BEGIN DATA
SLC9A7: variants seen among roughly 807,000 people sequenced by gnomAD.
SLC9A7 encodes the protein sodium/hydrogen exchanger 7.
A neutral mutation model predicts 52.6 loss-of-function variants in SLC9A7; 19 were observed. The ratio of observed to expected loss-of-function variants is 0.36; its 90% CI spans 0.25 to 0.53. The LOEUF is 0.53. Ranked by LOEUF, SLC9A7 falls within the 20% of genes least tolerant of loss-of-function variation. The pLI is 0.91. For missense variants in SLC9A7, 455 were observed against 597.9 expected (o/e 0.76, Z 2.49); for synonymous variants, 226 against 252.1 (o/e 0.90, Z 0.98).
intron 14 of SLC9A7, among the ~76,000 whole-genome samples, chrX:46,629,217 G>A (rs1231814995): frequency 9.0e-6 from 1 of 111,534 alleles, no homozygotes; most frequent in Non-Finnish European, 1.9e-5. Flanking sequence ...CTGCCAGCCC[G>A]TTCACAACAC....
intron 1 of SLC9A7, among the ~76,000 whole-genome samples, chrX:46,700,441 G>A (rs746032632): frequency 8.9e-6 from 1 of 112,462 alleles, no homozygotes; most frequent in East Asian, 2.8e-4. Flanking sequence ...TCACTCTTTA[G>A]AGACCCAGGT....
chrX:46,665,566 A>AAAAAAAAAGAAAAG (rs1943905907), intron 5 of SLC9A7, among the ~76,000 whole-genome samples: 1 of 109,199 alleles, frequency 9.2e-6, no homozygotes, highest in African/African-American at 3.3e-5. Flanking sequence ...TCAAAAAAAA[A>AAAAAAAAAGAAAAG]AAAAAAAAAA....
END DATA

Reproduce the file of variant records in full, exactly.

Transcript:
SLC9A7: variants seen among roughly 807,000 people sequenced by gnomAD.
SLC9A7 encodes the protein sodium/hydrogen exchanger 7.
A neutral mutation model predicts 52.6 loss-of-function variants in SLC9A7; 19 were observed. The ratio of observed to expected loss-of-function variants is 0.36; its 90% CI spans 0.25 to 0.53. The LOEUF is 0.53. Ranked by LOEUF, SLC9A7 falls within the 20% of genes least tolerant of loss-of-function variation. The pLI is 0.91. For missense variants in SLC9A7, 455 were observed against 597.9 expected (o/e 0.76, Z 2.49); for synonymous variants, 226 against 252.1 (o/e 0.90, Z 0.98).
intron 14 of SLC9A7, among the ~76,000 whole-genome samples, chrX:46,629,217 G>A (rs1231814995): frequency 9.0e-6 from 1 of 111,534 alleles, no homozygotes; most frequent in Non-Finnish European, 1.9e-5. Flanking sequence ...CTGCCAGCCC[G>A]TTCACAACAC....
intron 1 of SLC9A7, among the ~76,000 whole-genome samples, chrX:46,700,441 G>A (rs746032632): frequency 8.9e-6 from 1 of 112,462 alleles, no homozygotes; most frequent in East Asian, 2.8e-4. Flanking sequence ...TCACTCTTTA[G>A]AGACCCAGGT....
chrX:46,665,566 A>AAAAAAAAAGAAAAG (rs1943905907), intron 5 of SLC9A7, among the ~76,000 whole-genome samples: 1 of 109,199 alleles, frequency 9.2e-6, no homozygotes, highest in African/African-American at 3.3e-5. Flanking sequence ...TCAAAAAAAA[A>AAAAAAAAAGAAAAG]AAAAAAAAAA....